The course of training in most American colleges takes four years, and students are usually referred to as belonging to one of the four groups, depending on which year they are in. However, rather than base the names of these groups on the number of the year, American educational system uses its own system of terms, calling them freshmen, sophomores, juniors and seniors. There are some variations on this topic, but this hierarchy of college students is still readily recognizable by any American.
But what exactly do they mean? And what does it mean to belong to this or that group?
Freshman (or fresh, frosh, fish, fresher, freshie, newbie, fresh meat and so on) is a first-year student who has just entered the college and is perceived as a wide-eyed newcomer, unfamiliar with local customs and traditions. As the number of derogatory slang names for it implies, they are generally not treated with particular respect by other students and have to gradually come to grips with their new status, learn how to stand their ground, understand how to choose classes and manage to deal with them on time and so on.
Sophomore is a second-year student, and the nature of being one is best expressed via the popular etymology of the very term defining him or her – ‘sophomore’ is believed to be derived from Greek words ‘sophos’ and ‘moros’, meaning ‘wise’ and ‘fool’ correspondingly. As a result, sophomores are ‘wise fools’ in the meaning of being at the same time pretentious and immature – perhaps it is meant to show that they consider themselves experienced and worldly-wise, behave condescendingly towards freshmen but lack the real knowledge of college life. There is, however, another, less unpleasant variant of etymology – from the word ‘sophumer’ which used to have the same meaning as ‘sophism’.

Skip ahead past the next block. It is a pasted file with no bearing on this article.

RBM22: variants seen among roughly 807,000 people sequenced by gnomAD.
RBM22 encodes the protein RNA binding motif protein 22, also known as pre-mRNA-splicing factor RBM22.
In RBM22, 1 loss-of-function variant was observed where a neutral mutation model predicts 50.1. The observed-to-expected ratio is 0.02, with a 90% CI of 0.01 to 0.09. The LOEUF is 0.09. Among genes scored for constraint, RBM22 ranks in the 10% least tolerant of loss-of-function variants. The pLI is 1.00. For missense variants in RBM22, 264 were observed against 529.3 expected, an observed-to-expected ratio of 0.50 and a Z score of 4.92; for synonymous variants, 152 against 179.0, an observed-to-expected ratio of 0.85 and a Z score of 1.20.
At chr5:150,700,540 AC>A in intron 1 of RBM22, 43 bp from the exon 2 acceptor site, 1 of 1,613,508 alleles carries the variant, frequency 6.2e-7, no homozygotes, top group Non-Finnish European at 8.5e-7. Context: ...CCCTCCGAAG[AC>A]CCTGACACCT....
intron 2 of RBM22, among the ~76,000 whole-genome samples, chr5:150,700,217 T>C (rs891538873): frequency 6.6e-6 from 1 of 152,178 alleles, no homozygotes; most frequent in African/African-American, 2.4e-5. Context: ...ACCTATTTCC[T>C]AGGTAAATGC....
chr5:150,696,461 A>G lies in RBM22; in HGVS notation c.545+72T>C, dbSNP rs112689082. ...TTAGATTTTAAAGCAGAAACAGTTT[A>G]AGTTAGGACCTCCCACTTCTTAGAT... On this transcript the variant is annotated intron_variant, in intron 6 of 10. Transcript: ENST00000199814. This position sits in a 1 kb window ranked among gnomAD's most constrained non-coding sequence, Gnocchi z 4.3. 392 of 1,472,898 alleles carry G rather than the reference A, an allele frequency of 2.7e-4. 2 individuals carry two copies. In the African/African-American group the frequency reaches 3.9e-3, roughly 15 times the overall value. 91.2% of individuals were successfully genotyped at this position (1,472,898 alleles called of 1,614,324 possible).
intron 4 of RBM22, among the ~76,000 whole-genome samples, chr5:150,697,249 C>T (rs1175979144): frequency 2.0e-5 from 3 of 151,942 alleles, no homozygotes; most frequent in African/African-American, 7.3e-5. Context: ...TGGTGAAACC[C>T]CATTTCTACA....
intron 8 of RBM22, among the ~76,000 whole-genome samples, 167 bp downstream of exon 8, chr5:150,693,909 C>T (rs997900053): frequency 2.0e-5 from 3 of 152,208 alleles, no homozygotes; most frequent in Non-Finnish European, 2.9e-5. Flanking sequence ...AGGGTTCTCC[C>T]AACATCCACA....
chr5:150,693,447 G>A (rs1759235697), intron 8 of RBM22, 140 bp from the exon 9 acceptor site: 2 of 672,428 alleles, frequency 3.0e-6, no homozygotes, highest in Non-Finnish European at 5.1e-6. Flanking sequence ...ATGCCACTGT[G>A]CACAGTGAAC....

The next two years are called Junior and Senior; these names are not connected with any anecdotal etymology and they themselves are considered to be students proper – they know how college works, what is expected of them, are usually seen as shamelessly skipping classes but generally managing to do everything on time.
Although these names are now used exclusively in the United States (British second-year students tend to get very annoyed when called sophomores, for example), the curious fact is that originally these names come from Cambridge, where they were used, in a slightly different form (Fresh Men, Sophy Moores, Sophisters or Junior Sophs and Senior Sophs) in 17th century. This means that in some ways American colleges adhere to traditions even more than their British counterparts.
Of course, it doesn’t exhaust the topic of hierarchy among the students: there are Greek, honor and secret societies, sports teams and many more ways of differentiating oneself from others – but they differ from college to college and cannot be called comprehensive. All in all, it can be said that student community is a vast and not always clearly comprehensible system – in order to truly understand it one has to be one of them, in this or that particular college.